RHCSA Study Materials

JacktivatedJacktivated MemberMember Posts: 39 ■■□□□□□□□□
Greetings,

I'm hoping to get some good advice from those of you that know, the best self-study materials for preparing for the RHCSA exam.

I have read elsewhere that some found the book and live lessons videos by Sander van Vugt to be very good (links below).

Red Hat RHCSA ®/ RHCE® 7 Cert Guide - Sander van Vugt

Red Hat Certified System Administrator (RHCSA) Complete Video Course: Red Hat Enterprise Linux 7 | Pearson IT Certification


Would reading his book and going through all the videos, building my own lab and practicing along the way, be a good approach to learning, or would you recommend something else either, in addition to, or instead?


Thanks very much.

Comments

  • hiddenknight821hiddenknight821 The whole Shebang! Member Posts: 1,209 ■■■■■■□□□□
    Those resources are good, but I can't recommend enough the following resources to complement with your study resources: Linux Academy and CertDepot. I used those in addition to Jang's and Van Vugt's books to pass the exam the first time. Disclaimer: I never watched any of the training videos due to lack of subtitles.
  • VeritiesVerities Senior Member Member Posts: 1,162
    Use Safari Books Online for cheaper fees ($39/a month or free if you're former military) and you get all Sander's training videos/books included. Hiddenknight has a good point as well, Sander is from the Netherlands so he has a very thick accent, but IMO he explains things the best out of the video series I've used for RHCSA.

    LinuxAcademy is a great lab environment since you can spin up servers super quick for tasks and they have a good amount of material for RHCSA/RHCE.

    The person who runs CertDepot is very knowledgeable and he was a technical reviewer for Sander Van Vugt's cert book, so you'll notice a lot of his tasks are similar to Sander's.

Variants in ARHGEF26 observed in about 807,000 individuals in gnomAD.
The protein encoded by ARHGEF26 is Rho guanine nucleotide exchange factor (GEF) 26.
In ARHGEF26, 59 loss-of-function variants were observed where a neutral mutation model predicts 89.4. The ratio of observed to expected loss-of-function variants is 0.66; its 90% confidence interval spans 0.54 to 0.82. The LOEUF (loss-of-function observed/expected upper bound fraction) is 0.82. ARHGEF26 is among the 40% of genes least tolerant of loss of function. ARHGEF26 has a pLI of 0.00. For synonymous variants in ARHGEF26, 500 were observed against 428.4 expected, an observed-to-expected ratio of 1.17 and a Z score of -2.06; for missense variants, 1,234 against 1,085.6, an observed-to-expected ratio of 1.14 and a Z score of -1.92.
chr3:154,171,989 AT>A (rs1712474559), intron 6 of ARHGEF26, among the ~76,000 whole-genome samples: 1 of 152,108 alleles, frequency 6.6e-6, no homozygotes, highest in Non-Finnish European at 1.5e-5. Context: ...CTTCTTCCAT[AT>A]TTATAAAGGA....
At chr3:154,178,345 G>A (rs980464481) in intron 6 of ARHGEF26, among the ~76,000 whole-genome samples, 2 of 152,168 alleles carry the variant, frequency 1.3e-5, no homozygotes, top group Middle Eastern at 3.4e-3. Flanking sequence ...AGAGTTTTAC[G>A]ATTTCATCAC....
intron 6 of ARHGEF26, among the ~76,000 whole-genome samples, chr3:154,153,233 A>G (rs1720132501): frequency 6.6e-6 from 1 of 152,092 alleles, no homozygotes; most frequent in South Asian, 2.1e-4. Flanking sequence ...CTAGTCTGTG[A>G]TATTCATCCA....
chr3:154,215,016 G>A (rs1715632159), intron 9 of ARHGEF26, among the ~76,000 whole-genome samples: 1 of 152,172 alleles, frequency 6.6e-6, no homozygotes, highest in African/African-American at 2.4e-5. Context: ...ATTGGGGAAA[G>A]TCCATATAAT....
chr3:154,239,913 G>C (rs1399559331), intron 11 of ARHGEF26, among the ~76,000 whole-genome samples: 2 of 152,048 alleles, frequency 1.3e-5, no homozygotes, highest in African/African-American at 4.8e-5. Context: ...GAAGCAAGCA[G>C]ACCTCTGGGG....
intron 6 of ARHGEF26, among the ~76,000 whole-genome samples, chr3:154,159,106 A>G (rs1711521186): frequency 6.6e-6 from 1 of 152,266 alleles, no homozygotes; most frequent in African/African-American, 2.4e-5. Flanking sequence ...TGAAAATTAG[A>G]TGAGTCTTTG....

• JacktivatedJacktivated Member Member Posts: 39 ■■□□□□□□□□
    Verities wrote: »
    Use Safari Books Online for cheaper fees ($39/a month or free if you're former military) and you get all Sander's training videos/books included. Hiddenknight has a good point as well, Sander is from the Netherlands so he has a very thick accent, but IMO he explains things the best out of the video series I've used for RHCSA.

    LinuxAcademy is a great lab environment since you can spin up servers super quick for tasks and they have a good amount of material for RHCSA/RHCE.

    The person who runs CertDepot is very knowledgeable and he was a technical reviewer for Sander Van Vugt's cert book, so you'll notice a lot of his tasks are similar to Sander's.

    Thanks. I just started the 10 day trial with Safari.

    I'm hoping you, or someone else, can give me your opinion between the following two books. I initially planned to read the one by Sander van Vugt, along with his videos, but I've been reading a lot of good things about the one from Michael Jang. It seems many people were anticipating the arrival of the latest edition, which was just released this summer.

    Please let me know which book you feel is best and if you'd advise reading the book prior to going through the whole video series, or watch the videos, or after.

    Thanks a lot for answering all of my questions :)

    https://www.amazon.com/RHCSA-Linux-Certification-Study-Seventh/dp/0071841962/ref=sr_1_1?ie=UTF8&qid=1474918258&sr=8-1&keywords=rhcsa

    https://www.amazon.com/RHCSA-RHCE-Cert-Guide-Certification/dp/0789754053/ref=sr_1_3?ie=UTF8&qid=1474918258&sr=8-3&keywords=rhcsa
  • VeritiesVerities Senior Member Member Posts: 1,162